- Dimpling that appears on the skin of your palm when the diseased tissue between the skin and tendons (palmar fascia) pulls on the skin.
As the disease progresses, a fibrous, ropelike cord may gradually develop in the palmar fascia and connect your palm to one or more fingers, usually the ring or small finger. The cord pulls your finger toward the palm, which is called Dupuytren's contracture. Eventually you will not be able to flatten your palm on an even surface, such as a table. When it is severe, Dupuytren's contracture can make certain everyday activities—such as picking up items, putting on gloves, or washing your hands—difficult or impossible.
Other conditions that may cause symptoms similar to those caused by Dupuytren's disease include rheumatoid arthritis and work-related injuries.
Dupuytren's disease is often not noticed until it becomes severe. The tissue between your skin and tendons, known as the palmar fascia, becomes abnormally thick and fibrous. It is not yet clear what causes this thickening.
There are three general phases of the disease:
- Early. You may notice a small knot on the palm or at the base of the fingers. There is no pulling or contracture between the fingers and the palm.
- Active. Dimpling appears on the skin of the palm due to the growth of the thickened palmar fascia. Long, ropelike cords and bands also develop in the fascia, stretching from the palm to one or more fingers. The cord can sometimes be seen and felt.
- Advanced. The thickened palmar fascia and cord cause a rigid, disabling contracture when the attached finger is drawn towards the palm. Eventually you will not be able to flatten your palm on a table or other even surface. Very severe forms of the disease result in an inability to do routine tasks, such as using silverware.
The disease usually progresses slowly. It most often occurs after age 50. Many people have a mild form that does not cause significant problems. But a rare form called Dupuytren's diathesis occurs at an early age and progresses rapidly.
Dupuytren's disease often develops in both hands of people with the condition, and it most commonly affects the ring and small fingers.
The goal of surgery for Dupuytren's disease is to control the disease and to restore use of the fingers. Even with successful surgery, thickened palm tissue may develop again in the same place or in a new area of the hands. To get hand function back, reoperation is necessary for some people.
What Increases Your Risk
You are at an increased risk of developing Dupuytren's disease if you:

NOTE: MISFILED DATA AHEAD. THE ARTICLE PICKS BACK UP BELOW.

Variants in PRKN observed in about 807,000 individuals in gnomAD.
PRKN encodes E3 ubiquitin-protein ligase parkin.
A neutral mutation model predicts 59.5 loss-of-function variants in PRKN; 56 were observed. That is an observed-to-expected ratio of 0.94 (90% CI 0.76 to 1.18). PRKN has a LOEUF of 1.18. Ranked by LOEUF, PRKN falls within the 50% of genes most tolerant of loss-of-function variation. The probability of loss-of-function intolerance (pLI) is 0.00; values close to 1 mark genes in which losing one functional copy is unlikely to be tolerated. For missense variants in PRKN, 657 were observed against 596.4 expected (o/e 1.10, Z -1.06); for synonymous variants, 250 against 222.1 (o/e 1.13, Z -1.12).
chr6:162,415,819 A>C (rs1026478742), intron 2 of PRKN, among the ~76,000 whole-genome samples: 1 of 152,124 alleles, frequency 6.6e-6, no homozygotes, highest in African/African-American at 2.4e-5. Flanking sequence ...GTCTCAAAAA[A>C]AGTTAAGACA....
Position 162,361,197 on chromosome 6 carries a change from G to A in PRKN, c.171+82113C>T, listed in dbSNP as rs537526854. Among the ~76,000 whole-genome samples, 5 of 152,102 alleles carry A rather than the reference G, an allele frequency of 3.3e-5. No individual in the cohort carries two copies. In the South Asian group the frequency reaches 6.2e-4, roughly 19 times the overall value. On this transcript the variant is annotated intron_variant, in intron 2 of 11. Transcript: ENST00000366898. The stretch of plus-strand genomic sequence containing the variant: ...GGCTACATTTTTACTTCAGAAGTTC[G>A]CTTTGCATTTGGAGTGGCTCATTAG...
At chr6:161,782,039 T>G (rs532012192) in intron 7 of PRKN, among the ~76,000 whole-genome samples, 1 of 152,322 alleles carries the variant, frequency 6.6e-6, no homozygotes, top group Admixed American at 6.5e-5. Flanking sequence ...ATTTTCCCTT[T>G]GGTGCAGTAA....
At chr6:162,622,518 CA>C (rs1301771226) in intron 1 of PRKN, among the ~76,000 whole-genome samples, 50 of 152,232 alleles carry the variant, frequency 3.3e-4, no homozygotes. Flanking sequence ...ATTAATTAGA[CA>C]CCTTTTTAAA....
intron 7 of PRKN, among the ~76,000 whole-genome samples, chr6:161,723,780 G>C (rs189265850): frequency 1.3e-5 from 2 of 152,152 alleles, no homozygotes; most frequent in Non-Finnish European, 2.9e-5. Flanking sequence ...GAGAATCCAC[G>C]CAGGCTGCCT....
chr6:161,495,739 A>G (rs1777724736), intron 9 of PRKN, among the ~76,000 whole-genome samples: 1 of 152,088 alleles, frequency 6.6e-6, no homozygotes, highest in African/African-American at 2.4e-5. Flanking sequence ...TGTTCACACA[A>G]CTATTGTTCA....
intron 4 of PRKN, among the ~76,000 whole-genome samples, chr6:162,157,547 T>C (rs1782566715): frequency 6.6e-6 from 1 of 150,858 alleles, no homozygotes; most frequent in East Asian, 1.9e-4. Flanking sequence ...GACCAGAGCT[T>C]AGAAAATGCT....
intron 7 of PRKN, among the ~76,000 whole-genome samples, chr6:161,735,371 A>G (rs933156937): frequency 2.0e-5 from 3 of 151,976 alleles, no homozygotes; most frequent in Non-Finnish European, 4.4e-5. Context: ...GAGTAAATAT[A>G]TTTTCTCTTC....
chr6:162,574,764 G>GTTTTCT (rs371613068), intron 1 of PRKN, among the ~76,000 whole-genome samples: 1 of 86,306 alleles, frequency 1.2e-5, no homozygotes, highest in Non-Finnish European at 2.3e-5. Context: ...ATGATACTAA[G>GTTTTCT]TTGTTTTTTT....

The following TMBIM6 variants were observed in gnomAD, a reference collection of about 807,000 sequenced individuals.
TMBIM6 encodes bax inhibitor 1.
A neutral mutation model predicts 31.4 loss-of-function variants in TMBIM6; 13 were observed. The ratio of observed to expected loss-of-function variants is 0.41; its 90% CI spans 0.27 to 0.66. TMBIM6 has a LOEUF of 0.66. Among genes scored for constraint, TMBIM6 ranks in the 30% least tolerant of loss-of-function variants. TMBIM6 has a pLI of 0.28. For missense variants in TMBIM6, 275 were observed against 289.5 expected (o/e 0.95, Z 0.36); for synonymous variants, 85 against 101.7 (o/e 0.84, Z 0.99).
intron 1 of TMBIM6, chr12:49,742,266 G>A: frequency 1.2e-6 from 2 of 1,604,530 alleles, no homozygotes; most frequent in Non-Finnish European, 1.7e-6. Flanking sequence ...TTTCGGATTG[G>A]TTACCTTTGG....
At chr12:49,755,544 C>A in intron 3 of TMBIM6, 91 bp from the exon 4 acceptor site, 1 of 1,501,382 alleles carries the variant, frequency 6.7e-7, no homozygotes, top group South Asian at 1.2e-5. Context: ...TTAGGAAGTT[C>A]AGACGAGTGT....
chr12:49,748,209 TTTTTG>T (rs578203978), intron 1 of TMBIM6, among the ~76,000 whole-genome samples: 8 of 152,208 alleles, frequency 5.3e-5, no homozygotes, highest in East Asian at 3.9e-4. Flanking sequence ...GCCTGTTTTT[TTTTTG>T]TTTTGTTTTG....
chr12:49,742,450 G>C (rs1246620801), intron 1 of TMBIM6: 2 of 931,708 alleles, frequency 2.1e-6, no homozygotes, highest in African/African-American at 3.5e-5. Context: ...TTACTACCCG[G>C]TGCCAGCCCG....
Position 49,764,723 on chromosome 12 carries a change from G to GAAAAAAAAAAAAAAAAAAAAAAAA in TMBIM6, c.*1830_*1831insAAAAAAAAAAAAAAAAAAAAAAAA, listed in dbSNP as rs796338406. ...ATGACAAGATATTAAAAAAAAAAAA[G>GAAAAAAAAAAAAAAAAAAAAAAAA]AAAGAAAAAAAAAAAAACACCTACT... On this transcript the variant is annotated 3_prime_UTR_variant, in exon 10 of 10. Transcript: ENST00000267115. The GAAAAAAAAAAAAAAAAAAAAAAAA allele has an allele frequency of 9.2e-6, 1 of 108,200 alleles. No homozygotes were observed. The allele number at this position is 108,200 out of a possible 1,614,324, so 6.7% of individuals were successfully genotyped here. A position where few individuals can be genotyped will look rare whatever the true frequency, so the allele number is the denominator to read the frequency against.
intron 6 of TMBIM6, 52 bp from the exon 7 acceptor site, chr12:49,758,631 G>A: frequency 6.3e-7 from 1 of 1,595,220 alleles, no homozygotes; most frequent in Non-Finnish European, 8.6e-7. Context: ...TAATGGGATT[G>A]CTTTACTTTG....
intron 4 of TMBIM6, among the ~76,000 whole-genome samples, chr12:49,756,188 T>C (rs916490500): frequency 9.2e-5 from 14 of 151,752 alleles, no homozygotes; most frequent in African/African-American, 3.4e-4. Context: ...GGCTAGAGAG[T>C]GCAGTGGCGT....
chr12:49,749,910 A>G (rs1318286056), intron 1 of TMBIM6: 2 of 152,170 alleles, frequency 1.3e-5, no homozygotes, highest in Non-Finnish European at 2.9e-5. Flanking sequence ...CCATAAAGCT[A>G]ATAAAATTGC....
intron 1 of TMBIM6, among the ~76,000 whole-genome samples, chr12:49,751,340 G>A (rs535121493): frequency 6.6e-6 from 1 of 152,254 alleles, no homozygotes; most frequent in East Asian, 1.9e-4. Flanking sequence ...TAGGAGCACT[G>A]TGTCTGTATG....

- Have a family history of the disease.
- Are of northern European heritage.
- Are a male. Men are 7 to 15 times more likely than women to have severe Dupuytren's disease that requires surgical treatment. Older women often develop a milder form of the disease.1
- Are over age 50.
You are more likely to get Dupuytren's disease if you have certain diseases or disorders, such as diabetes or alcoholism. Cigarette smoking also increases your chances of getting the disease. You also have a slightly higher chance of getting Dupuytren's disease if your are being treated for epilepsy.2
When To Call a Doctor
Call a health professional if you notice:
- Dimples or knots in your palms, especially near the base of your fingers.
- An inability to flatten your hand, palm down, on an even surface.
- Pain in your palm or fingers.
Watchful waiting is a period of time during which you and your health professional observe your symptoms or condition without using medical treatment. This period may vary from a few days to weeks, months, or years. Dupuytren's disease usually is a slowly progressing disease. If you are still able to move your fingers enough to do daily activities, you and your health professional may choose to continue regular checkups and hand exercises rather than surgery.
Who To See
The following health professionals can diagnose Dupuytren's disease:
- Family medicine physician
- Nurse practitioner
- Physician assistant
- Orthopedic surgeon
A hand surgeon, orthopedic surgeon, or plastic surgeon can also diagnose and treat Dupuytren's disease. These doctors are most often seen for severe disease, when you cannot use your hand for everyday activities.